Miscellaneous

How long does it take for the body to build antibodies from the time of infection with the coronavirus disease?

How long does it take for the body to build antibodies from the time of infection with the coronavirus disease?

People develop antibodies when their body’s immune system responds to an infection. These antibodies can be found in the blood of people previously infected whether or not they had signs or symptoms of illness. Note: It can take 1–2 weeks after the first symptoms appear for antibodies to develop in the body. Since it often takes about a week for symptoms to appear after getting infected with SARS-CoV-2, antibodies could develop about 2-3 weeks after infection. This means serology tests may not detect current SARS-CoV-2 infections and should not be used to diagnose current COVID-19.

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What happens if my HIV test is negative 3 months later?

If you get an HIV test within 3 months after a potential HIV exposure and the result is negative, get tested again in 3 more months to be sure. If you learned you were HIV-negative the last time you were tested, you can only be sure you’re still negative if you haven’t had a potential HIV exposure since your last test.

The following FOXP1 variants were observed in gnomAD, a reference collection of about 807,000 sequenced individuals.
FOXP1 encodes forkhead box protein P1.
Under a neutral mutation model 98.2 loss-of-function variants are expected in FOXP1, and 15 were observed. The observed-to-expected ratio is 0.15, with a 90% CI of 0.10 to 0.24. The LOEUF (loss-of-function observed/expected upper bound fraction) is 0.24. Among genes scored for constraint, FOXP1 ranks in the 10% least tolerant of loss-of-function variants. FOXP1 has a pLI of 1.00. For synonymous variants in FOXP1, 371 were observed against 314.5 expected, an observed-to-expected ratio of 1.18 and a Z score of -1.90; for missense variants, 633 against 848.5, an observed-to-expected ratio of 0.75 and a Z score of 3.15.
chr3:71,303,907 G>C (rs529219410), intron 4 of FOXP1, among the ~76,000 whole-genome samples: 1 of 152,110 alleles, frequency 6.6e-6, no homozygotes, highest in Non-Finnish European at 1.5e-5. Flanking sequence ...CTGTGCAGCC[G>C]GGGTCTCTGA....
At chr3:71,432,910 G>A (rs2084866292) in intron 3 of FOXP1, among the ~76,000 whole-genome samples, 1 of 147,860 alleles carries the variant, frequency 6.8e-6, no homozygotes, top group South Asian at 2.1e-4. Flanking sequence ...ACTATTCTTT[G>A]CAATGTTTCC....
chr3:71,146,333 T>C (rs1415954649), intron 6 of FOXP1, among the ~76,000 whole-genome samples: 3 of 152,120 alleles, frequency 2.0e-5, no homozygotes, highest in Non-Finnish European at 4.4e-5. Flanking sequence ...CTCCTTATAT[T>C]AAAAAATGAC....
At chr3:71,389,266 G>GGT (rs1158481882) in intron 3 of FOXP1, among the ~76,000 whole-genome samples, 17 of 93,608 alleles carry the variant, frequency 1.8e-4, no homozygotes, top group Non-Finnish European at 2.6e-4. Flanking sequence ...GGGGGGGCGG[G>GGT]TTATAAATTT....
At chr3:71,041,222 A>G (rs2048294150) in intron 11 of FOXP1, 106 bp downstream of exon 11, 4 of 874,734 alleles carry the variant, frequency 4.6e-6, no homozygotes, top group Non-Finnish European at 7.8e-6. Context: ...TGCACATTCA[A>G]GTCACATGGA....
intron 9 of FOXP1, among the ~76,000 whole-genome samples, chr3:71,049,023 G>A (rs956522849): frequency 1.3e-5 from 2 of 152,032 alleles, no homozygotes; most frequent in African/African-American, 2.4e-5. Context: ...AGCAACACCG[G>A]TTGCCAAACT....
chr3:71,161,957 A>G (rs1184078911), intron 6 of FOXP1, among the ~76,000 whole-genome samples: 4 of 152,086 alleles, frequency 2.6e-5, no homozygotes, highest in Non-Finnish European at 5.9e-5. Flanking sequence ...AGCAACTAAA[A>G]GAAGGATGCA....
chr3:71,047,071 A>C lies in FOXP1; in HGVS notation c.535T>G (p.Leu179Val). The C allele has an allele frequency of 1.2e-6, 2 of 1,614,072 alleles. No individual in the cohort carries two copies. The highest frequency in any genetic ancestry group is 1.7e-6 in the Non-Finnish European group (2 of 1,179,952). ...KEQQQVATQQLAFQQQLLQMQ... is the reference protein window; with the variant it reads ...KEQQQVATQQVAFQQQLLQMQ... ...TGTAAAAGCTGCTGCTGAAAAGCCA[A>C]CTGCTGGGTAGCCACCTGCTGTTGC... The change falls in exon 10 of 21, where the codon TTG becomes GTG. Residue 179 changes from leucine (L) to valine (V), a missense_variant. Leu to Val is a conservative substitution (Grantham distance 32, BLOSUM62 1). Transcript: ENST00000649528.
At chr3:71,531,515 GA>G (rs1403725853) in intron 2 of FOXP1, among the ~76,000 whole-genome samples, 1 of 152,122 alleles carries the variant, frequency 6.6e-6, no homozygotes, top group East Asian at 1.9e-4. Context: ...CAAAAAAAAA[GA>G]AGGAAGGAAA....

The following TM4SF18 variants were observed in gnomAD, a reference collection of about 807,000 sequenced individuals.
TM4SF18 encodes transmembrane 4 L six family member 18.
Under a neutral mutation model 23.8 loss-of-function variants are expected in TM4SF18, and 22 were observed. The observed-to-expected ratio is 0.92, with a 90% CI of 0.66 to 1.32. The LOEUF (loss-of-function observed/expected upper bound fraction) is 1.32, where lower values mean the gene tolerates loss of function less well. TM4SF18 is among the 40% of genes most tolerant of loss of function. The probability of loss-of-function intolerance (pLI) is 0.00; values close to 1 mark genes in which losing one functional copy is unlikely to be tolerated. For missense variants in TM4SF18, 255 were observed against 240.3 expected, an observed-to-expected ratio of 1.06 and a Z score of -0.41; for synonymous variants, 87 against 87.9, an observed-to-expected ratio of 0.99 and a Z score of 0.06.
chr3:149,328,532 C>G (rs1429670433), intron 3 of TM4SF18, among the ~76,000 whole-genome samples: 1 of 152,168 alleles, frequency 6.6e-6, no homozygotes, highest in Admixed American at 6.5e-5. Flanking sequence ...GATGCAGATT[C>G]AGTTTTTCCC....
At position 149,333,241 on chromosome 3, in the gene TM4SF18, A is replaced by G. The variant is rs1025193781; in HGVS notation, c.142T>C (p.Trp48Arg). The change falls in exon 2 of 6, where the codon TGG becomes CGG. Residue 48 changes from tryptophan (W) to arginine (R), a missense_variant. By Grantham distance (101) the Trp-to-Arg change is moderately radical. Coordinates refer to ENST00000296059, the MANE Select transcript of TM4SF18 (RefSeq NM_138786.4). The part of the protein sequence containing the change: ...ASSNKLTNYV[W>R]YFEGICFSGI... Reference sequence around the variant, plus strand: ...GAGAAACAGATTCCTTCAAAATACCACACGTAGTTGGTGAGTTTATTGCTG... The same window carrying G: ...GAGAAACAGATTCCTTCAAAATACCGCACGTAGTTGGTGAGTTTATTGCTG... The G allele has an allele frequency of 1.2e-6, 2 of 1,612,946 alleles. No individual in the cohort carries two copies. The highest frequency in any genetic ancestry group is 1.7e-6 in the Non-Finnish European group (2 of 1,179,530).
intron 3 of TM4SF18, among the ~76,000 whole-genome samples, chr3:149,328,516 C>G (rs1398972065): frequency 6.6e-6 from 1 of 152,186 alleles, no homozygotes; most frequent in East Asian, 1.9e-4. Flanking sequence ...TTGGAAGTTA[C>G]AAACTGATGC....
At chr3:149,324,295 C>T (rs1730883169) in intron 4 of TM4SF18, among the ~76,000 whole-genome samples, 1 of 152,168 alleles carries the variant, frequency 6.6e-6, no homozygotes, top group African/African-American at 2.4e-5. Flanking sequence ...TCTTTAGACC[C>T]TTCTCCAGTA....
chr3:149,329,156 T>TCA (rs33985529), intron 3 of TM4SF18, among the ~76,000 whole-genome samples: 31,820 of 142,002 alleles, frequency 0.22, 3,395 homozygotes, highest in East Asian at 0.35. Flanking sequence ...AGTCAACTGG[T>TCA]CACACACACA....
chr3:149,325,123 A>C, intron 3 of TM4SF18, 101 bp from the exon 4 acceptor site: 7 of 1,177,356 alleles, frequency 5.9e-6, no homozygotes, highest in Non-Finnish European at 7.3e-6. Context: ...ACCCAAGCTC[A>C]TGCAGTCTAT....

How soon after an exposure to HIV can I get tested?

To learn more about the window period and when a person should get retested, see CDC’s How soon after an exposure to HIV can an HIV test if I am infected?. If you get an HIV test within 3 months after a potential HIV exposure and the result is negative, get tested again in 3 more months to be sure.

What should I do if my HIV test result is positive?

If you had a rapid screening test, the testing site will arrange a follow-up test to make sure the screening test result was correct. If you used a self-testing kit at home, a positive HIV test result must always be confirmed by additional HIV testing performed in a health care setting.

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Do all HIV test results reveal the same thing?

No. Your HIV test result reveals only your HIV status. HIV is not necessarily transmitted every time you have sex or share needles, syringes, or other drug injection equipment. And the risk of getting HIV varies depending on the type of exposure or behavior.